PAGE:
How to Wash Thrifted Clothes - Birdbath’s Guide

Ah, thrifting. The great equalizer of fashion, the affordable way to stay on trend and recycle existing clothing items. However, one caveat to buying second-hand clothes is that you must wash them first. 

If you're like me, you love a good bargain, especially when it comes to clothes. But there's one major thing you must be careful of when shopping at thrift stores - not teenagers, but bacteria.

how to wash thrifted clothes

Thrift stores rarely wash their clothes before putting them up for sale, so it is crucial to do so when you get them home. 

Here is your guide to help you wash thrifted clothes properly and keep them looking their best. 

This article will teach you how to wash your thrifted clothes without ruining them. We will also answer your questions, including "do thrift stores wash clothes?" and "how dirty are thrifted clothes?"

Do Thrift Stores Wash Clothes Before Displaying them?

For the fashion-savvy shopper, thrift stores are a veritable treasure trove of hidden gems. But one question always looms in the back of the mind: do thrift stores wash clothes before they sell them? 

The answer depends on each thrift store, but for the most part, thrift stores do not wash clothes before they hit the sales floor. If they are washed, it is with minimal soap or detergent and washed in industrial-sized washing machines that do not do a good job of getting rid of stains or bacteria.

Do thrift stores wash their clothes? Unfortunately, the answer is no. In most cases, thrift stores don't have the resources to wash every item that comes through their doors. 

However, that doesn't mean you should turn your nose to any thrift store. There are many things you can do to clean vintage clothing before you wear it. 

Why Should You Wash Thrifted Clothes?

Cleaning thrifted clothes is a bit of tricky business. Some people are bold and might not wash them at all, while others have stringent protocols for cleaning everything before wear. 

Thrifted clothes, like any used clothing, can carry bacteria and dirt. Washing thrifted clothes before wearing them is critical to prevent the spread of disease and keep yourself healthy. Moreover, washing your thrifted items will help ensure that they last longer by getting rid of any dirt or built-up residue that can damage the fabric.

When you wash your thrifted clothes, you can see the amount of filth by the way the water will turn brown, gray, or even black. It is clear that you will want to take extra steps to clean your thrifted clothes before you wear them or sell them.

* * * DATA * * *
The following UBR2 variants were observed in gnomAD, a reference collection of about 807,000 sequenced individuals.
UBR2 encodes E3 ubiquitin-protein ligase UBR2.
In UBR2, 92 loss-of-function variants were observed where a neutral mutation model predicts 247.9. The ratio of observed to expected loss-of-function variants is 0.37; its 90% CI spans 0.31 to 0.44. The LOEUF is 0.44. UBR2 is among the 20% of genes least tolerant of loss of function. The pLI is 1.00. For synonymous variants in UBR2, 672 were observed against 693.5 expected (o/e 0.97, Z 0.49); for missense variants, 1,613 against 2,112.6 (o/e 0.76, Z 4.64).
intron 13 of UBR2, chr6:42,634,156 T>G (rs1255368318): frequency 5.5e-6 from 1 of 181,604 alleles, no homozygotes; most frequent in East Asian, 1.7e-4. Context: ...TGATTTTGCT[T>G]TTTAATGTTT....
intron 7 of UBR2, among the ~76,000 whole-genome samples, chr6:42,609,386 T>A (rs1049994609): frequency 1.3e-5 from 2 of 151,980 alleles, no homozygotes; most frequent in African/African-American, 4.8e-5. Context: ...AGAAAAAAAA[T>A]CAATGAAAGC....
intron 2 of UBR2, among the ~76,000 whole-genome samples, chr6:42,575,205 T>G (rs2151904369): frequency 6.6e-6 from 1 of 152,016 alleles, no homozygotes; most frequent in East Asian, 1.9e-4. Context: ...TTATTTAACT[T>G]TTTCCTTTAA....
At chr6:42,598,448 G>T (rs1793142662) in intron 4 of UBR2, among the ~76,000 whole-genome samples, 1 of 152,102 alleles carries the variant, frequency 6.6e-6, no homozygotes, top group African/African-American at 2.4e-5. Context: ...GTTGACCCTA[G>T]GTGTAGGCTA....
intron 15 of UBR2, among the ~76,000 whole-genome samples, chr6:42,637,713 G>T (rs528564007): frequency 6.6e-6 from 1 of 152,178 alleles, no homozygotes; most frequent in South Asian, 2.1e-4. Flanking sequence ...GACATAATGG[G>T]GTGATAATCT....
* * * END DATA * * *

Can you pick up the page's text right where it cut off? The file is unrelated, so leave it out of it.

How Dirty Are Thrifted Clothes?

Some thrift stores take extra steps to inspect and clean clothes before putting them out on the sales floor, while others simply brush off any visible dirt or dust and hang them up for display. As a result, thrifted clothes can have varying levels of cleanliness.

Depending on how well the thrift store handles things, you may find clothes that are relatively clean or ones that have layers of built-up dirt and grime.

But 95% of the time, the items you thrift will be extremely dirty, even if it's not noticeable at first glance. When you wash the items, you will see how dirty they were as the water turns from clear to brown.

This makes it all the more important to wash your thrifted clothes yourself at home.

How to Clean Thrifted Clothes

With a little bit of effort, you'll be able to find some great clothes at your local thrift store - and you won't have to worry about what's lurking beneath the surface. 

cleaning thrifted clothes

Here's how to ensure your thrifted clothing is clean and safe.

The Basics of Washing Thrifted Clothes 

Washing thrifted clothes can be daunting for first-timers, but don’t panic—it’s not as hard as it seems. Here are the basics of washing thrifted clothes:

  • Read the tags! It may seem like a no-brainer, but reading the tags is one of the most important steps in washing any piece of clothing. Some items may require special stain treatments or handwashing; make sure to follow the instructions carefully. 
  • Check for loose threads and buttons before washing. Loose threads can get caught in your machine and cause snags in your clothing; buttons can come off during the spin cycle, leading to a much bigger laundry issue down the line. So be sure to inspect each item before tossing it in with your other garments.  
  • Turn your item inside out if it has any kind of print or design on it. This will help preserve the color and also keep any embellishments from coming loose during agitation. 
  • Set your machine on a delicate cycle with cold water, and use only a mild detergent like Woolite or Seventh Generation (which is eco-friendly). Hot water tends to shrink garments and fade colors quickly; best to avoid that if possible.

Deep Cleaning Techniques for Stains & Odors 

We understand that sometimes thrifted items come with lingering odors or tough stains that need extra treatment before they can be washed safely in a machine.

Here are some tips for getting those stubborn spots out of your thrifted treasure without damaging your garment.

  • For minor stains like sweat or deodorant marks, use a prewash spray like Shout or Oxi-Clean on the affected areas prior to washing. Let sit for 5 minutes before laundering as usual.  
  • For heavier dirt stains and odors (this is especially important when dealing with vintage items), soak them overnight in 1 part white vinegar mixed with 2 parts cold water before washing as usual in a gentle cycle with cold water and mild detergent/soap.
  • Finally, if all else fails, take your garment directly to the dry cleaner—just make sure they know what type of fabric it is so they can choose an appropriate cleaning method. 

How to Clean Thrifted Clothes in the Bathtub

If you're anything like me, you love a good thrifting haul. But there's one downside to scouring second-hand stores for treasures: you never know what kind of dirt and grime your new clothes have been harboring. 

Luckily, there's an easy way to clean them before you wear them. Just fill up your tub with water and a mild detergent, and let your clothes soak for 30 minutes. After that, simply rinse them in clean water and hang them up to dry. And voila! Your thrifted clothes are now refreshed and ready to wear. 

So go forth and thrift to your heart's content, knowing that you can easily get your new clothes clean with this simple method.

The No-Wash Method: